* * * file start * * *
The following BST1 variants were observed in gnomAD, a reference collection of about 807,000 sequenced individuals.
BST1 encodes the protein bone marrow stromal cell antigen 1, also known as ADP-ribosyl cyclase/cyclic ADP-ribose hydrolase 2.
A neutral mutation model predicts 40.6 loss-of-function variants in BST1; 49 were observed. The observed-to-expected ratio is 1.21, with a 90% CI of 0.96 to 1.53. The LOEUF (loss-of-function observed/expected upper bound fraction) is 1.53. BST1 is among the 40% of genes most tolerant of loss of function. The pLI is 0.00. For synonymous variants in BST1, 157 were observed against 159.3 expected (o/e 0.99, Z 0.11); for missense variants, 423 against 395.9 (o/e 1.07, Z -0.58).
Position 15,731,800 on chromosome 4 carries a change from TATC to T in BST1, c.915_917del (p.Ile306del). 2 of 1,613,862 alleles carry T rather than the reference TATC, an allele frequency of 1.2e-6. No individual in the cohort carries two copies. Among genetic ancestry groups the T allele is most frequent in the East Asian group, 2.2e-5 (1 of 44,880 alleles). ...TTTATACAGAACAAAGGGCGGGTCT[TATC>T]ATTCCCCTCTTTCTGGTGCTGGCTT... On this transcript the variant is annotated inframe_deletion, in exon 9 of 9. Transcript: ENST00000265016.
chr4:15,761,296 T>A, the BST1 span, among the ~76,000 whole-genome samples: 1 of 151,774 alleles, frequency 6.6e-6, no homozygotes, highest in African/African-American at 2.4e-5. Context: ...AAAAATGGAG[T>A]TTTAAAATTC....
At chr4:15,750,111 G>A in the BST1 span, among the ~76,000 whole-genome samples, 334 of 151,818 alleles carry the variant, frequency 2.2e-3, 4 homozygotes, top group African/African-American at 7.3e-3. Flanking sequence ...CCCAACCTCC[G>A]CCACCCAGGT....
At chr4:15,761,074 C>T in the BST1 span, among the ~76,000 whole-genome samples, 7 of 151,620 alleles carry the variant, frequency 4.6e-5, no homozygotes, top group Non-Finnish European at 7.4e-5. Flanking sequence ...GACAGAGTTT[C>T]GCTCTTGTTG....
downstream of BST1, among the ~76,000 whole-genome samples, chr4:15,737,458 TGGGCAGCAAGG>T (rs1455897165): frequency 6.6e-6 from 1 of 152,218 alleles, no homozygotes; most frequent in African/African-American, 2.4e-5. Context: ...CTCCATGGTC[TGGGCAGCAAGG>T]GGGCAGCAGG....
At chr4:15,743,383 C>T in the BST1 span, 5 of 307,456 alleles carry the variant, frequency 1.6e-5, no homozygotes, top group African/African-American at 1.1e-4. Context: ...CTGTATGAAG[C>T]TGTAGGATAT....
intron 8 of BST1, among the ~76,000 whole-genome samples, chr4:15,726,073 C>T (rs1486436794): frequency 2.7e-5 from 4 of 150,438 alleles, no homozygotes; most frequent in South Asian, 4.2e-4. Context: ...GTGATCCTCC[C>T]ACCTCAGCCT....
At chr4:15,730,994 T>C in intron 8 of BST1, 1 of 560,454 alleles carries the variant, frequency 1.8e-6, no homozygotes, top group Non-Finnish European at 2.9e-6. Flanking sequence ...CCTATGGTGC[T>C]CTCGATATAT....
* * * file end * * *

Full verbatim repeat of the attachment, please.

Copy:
The following BST1 variants were observed in gnomAD, a reference collection of about 807,000 sequenced individuals.
BST1 encodes the protein bone marrow stromal cell antigen 1, also known as ADP-ribosyl cyclase/cyclic ADP-ribose hydrolase 2.
A neutral mutation model predicts 40.6 loss-of-function variants in BST1; 49 were observed. The observed-to-expected ratio is 1.21, with a 90% CI of 0.96 to 1.53. The LOEUF (loss-of-function observed/expected upper bound fraction) is 1.53. BST1 is among the 40% of genes most tolerant of loss of function. The pLI is 0.00. For synonymous variants in BST1, 157 were observed against 159.3 expected (o/e 0.99, Z 0.11); for missense variants, 423 against 395.9 (o/e 1.07, Z -0.58).
Position 15,731,800 on chromosome 4 carries a change from TATC to T in BST1, c.915_917del (p.Ile306del). 2 of 1,613,862 alleles carry T rather than the reference TATC, an allele frequency of 1.2e-6. No individual in the cohort carries two copies. Among genetic ancestry groups the T allele is most frequent in the East Asian group, 2.2e-5 (1 of 44,880 alleles). ...TTTATACAGAACAAAGGGCGGGTCT[TATC>T]ATTCCCCTCTTTCTGGTGCTGGCTT... On this transcript the variant is annotated inframe_deletion, in exon 9 of 9. Transcript: ENST00000265016.
chr4:15,761,296 T>A, the BST1 span, among the ~76,000 whole-genome samples: 1 of 151,774 alleles, frequency 6.6e-6, no homozygotes, highest in African/African-American at 2.4e-5. Context: ...AAAAATGGAG[T>A]TTTAAAATTC....
At chr4:15,750,111 G>A in the BST1 span, among the ~76,000 whole-genome samples, 334 of 151,818 alleles carry the variant, frequency 2.2e-3, 4 homozygotes, top group African/African-American at 7.3e-3. Flanking sequence ...CCCAACCTCC[G>A]CCACCCAGGT....
At chr4:15,761,074 C>T in the BST1 span, among the ~76,000 whole-genome samples, 7 of 151,620 alleles carry the variant, frequency 4.6e-5, no homozygotes, top group Non-Finnish European at 7.4e-5. Flanking sequence ...GACAGAGTTT[C>T]GCTCTTGTTG....
downstream of BST1, among the ~76,000 whole-genome samples, chr4:15,737,458 TGGGCAGCAAGG>T (rs1455897165): frequency 6.6e-6 from 1 of 152,218 alleles, no homozygotes; most frequent in African/African-American, 2.4e-5. Context: ...CTCCATGGTC[TGGGCAGCAAGG>T]GGGCAGCAGG....
At chr4:15,743,383 C>T in the BST1 span, 5 of 307,456 alleles carry the variant, frequency 1.6e-5, no homozygotes, top group African/African-American at 1.1e-4. Context: ...CTGTATGAAG[C>T]TGTAGGATAT....
intron 8 of BST1, among the ~76,000 whole-genome samples, chr4:15,726,073 C>T (rs1486436794): frequency 2.7e-5 from 4 of 150,438 alleles, no homozygotes; most frequent in South Asian, 4.2e-4. Context: ...GTGATCCTCC[C>T]ACCTCAGCCT....
At chr4:15,730,994 T>C in intron 8 of BST1, 1 of 560,454 alleles carries the variant, frequency 1.8e-6, no homozygotes, top group Non-Finnish European at 2.9e-6. Flanking sequence ...CCTATGGTGC[T>C]CTCGATATAT....